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US news media to be monitored to curb leaks
A series of leaks prompts move by US Defence Secretary Leon Panetta, in an effort to stop release of government secrets.
Last Modified: 20 Jul 2012 07:09
House Armed Services Chairman Buck McKeon, left, does not believe the Pentagon is behind the leaks [AFP]

Leon Panetta, the US defence secretary, has ordered senior Pentagon officials to begin monitoring major US news media for disclosures of classified information in an effort to stop the release of government secrets in the wake of a series of high-profile leaks.

The announcement on Thursday came hours after Panetta and other senior defence officials appeared before a closed-door hearing of the House of Representatives Armed Services Committee to discuss recent disclosures of classified security information.

Reports about US cyber warfare against Iran, procedures for targeting fighters with drones and a double agent who penetrated an armed group in Yemen have angered US lawmakers. Some have charged the leaks were timed to benefit President Barack Obama's re-election bid.

Representative Buck McKeon, the Republican chairman of the House panel, told a news conference later that he did not
believe the Pentagon was behind the leaks and that Panetta and the other officials were taking the issue seriously.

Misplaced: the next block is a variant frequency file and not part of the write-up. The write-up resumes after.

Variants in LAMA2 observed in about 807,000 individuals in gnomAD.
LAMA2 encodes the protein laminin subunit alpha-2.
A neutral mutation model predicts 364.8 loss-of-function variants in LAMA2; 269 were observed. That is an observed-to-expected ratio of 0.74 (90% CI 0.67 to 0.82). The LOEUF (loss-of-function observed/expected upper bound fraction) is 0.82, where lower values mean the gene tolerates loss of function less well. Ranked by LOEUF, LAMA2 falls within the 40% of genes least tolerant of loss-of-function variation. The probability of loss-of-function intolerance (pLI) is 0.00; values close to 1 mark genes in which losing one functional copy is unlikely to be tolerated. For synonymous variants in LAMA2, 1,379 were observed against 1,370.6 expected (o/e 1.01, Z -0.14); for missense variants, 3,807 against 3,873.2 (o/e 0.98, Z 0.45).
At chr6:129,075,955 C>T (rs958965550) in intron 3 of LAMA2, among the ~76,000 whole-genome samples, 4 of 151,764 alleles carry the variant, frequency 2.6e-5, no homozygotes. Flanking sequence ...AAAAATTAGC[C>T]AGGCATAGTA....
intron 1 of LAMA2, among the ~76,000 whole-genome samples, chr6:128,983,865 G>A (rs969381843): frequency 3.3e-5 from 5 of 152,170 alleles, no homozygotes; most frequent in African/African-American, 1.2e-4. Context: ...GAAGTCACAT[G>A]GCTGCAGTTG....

Panetta, Army General Martin Dempsey, the top uniformed military officer, and chief Pentagon lawyer Jeh Johnson appeared before the committee to answer questions. McKeon said they agreed the recent leaks had caused damage, but did not elaborate.

In addition to the media monitoring ordered by Panetta, the Pentagon said it had taken a number of other steps in recent months to improve information security.

Publication of manual

The measures included improved training for handling classified information, the publication of a manual with clear instructions on what constitutes an unauthorised disclosure and the creation of an online security incident reporting system.

"The department is continuously improving its security posture and overall capability to prevent unauthorised disclosures," the Pentagon said in a statement disclosing the recent security changes.

McKeon said the House panel was "concerned about the leaks that have come out over the years and accelerated, it seems, over the last few months".

Although he said he did not believe the Pentagon was the source of the most recent leaks, McKeon declined to comment on speculation the White House was responsible.

Senator John McCain, Obama's Republican opponent in the 2008 presidential election, has suggested some of the leaks may have been calculated to boost the Democratic president's re-election efforts - a charge the White House emphatically denies.

George Little, the Pentagon Press Secretary, told a briefing on Thursday that Panetta, Dempsey and members of the House committee were of one mind about the leaks.

"The unauthorised disclosure of classified information is truly disturbing," he said. "It's of concern to the secretary, and I think members on the Hill express similar concern. And the secretary is clearly prepared to try to address the problem inside the department."

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